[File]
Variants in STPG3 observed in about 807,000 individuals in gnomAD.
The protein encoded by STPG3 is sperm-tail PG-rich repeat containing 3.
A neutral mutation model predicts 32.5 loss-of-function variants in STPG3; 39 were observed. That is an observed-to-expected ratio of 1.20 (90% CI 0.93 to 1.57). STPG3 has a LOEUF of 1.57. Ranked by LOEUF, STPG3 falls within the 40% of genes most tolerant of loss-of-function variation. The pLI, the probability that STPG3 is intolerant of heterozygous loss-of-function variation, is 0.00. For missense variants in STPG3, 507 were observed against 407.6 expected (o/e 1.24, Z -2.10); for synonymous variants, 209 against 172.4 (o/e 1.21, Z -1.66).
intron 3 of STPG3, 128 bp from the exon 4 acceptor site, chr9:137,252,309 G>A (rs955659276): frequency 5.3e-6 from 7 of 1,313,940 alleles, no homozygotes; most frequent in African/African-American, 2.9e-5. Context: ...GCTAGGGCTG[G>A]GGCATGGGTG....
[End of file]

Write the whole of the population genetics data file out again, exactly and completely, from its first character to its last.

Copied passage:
Variants in STPG3 observed in about 807,000 individuals in gnomAD.
The protein encoded by STPG3 is sperm-tail PG-rich repeat containing 3.
A neutral mutation model predicts 32.5 loss-of-function variants in STPG3; 39 were observed. That is an observed-to-expected ratio of 1.20 (90% CI 0.93 to 1.57). STPG3 has a LOEUF of 1.57. Ranked by LOEUF, STPG3 falls within the 40% of genes most tolerant of loss-of-function variation. The pLI, the probability that STPG3 is intolerant of heterozygous loss-of-function variation, is 0.00. For missense variants in STPG3, 507 were observed against 407.6 expected (o/e 1.24, Z -2.10); for synonymous variants, 209 against 172.4 (o/e 1.21, Z -1.66).
intron 3 of STPG3, 128 bp from the exon 4 acceptor site, chr9:137,252,309 G>A (rs955659276): frequency 5.3e-6 from 7 of 1,313,940 alleles, no homozygotes; most frequent in African/African-American, 2.9e-5. Context: ...GCTAGGGCTG[G>A]GGCATGGGTG....